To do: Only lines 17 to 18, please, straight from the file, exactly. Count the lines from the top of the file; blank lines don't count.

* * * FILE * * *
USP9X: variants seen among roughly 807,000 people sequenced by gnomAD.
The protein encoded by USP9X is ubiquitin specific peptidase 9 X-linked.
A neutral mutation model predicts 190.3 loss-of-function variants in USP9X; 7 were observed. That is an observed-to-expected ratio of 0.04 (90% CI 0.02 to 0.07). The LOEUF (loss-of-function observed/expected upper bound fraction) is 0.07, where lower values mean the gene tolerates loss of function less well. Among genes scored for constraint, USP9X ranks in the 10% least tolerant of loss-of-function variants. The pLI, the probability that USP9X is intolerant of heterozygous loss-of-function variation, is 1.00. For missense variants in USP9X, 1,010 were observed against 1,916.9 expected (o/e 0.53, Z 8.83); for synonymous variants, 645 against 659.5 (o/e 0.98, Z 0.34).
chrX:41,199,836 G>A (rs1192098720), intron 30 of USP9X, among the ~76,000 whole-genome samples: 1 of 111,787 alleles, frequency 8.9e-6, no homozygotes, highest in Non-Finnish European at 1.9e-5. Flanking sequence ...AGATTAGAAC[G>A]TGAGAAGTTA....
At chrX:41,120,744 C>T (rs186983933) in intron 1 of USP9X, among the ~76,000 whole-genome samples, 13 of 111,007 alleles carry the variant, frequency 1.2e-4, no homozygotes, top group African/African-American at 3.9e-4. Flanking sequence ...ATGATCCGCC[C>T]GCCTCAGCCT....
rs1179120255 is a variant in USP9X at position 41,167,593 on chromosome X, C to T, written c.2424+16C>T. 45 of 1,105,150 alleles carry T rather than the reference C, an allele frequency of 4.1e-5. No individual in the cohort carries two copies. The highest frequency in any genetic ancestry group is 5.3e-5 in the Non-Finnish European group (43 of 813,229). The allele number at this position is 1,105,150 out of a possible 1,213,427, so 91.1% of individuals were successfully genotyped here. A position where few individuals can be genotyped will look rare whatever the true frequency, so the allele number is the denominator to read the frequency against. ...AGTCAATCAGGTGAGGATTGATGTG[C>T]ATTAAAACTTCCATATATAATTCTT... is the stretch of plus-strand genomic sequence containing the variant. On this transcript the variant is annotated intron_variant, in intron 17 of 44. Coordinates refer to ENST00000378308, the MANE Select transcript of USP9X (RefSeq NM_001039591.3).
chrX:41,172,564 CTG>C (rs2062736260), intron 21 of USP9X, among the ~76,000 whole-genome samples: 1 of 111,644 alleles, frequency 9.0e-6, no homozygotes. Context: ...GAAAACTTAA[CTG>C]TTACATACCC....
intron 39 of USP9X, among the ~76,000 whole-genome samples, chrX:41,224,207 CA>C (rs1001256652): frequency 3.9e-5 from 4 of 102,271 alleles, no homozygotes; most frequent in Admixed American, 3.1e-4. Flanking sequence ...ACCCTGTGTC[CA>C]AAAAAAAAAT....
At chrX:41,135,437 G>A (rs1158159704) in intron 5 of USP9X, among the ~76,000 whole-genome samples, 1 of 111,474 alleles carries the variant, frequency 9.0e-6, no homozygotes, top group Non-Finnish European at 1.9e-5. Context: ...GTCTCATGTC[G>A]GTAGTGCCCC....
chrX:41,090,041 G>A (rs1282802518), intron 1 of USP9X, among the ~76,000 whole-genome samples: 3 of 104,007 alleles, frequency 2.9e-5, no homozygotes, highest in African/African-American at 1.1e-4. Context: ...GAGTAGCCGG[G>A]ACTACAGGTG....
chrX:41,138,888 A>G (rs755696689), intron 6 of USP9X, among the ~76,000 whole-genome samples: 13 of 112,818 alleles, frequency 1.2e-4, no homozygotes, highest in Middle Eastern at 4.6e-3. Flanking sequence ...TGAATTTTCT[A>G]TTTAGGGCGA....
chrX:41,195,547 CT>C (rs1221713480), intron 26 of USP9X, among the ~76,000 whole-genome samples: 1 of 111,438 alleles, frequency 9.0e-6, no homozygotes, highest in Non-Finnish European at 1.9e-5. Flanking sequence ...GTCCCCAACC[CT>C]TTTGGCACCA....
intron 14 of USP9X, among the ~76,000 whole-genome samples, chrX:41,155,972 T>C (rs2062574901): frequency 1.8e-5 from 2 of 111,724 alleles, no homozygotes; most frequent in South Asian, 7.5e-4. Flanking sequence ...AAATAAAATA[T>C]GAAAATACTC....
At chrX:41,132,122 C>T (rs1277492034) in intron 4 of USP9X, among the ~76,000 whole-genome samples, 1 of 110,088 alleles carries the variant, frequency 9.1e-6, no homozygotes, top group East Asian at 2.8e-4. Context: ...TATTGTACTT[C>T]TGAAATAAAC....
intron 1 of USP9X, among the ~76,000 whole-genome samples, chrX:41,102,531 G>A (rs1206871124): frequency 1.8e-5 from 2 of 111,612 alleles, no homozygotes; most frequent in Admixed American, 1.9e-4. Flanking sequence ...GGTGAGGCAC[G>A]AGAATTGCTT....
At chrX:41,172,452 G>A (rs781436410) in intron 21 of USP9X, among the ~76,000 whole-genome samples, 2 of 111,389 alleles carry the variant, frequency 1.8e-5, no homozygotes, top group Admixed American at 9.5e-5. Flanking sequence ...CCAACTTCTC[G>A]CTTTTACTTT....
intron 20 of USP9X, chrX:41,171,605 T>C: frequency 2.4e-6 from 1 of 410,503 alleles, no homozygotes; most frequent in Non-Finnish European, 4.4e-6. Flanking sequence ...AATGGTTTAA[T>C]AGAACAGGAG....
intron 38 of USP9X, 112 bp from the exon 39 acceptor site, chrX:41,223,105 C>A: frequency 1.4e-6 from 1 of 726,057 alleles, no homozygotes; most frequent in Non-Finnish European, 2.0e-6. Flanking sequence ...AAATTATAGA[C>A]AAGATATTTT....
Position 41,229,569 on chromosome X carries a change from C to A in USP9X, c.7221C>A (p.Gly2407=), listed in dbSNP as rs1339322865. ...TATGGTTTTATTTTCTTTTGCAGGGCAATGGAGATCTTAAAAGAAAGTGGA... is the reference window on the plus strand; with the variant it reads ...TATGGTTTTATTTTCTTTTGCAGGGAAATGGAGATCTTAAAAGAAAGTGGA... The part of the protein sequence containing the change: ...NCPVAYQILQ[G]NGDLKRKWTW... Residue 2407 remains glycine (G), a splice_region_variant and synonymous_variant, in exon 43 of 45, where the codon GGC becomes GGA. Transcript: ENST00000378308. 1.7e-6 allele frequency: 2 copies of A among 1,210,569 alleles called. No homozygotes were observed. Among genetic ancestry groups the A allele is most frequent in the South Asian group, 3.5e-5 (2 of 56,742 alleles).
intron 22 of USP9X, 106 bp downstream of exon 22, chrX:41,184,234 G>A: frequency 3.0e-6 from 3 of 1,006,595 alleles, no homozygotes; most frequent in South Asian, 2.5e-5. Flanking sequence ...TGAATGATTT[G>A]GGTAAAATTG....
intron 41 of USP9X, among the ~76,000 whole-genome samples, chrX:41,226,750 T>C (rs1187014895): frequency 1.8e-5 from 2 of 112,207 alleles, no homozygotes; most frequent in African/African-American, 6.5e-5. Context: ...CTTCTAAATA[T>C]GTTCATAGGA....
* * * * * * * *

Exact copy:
intron 20 of USP9X, chrX:41,171,605 T>C: frequency 2.4e-6 from 1 of 410,503 alleles, no homozygotes; most frequent in Non-Finnish European, 4.4e-6. Flanking sequence ...AATGGTTTAA[T>C]AGAACAGGAG....
intron 38 of USP9X, 112 bp from the exon 39 acceptor site, chrX:41,223,105 C>A: frequency 1.4e-6 from 1 of 726,057 alleles, no homozygotes; most frequent in Non-Finnish European, 2.0e-6. Flanking sequence ...AAATTATAGA[C>A]AAGATATTTT....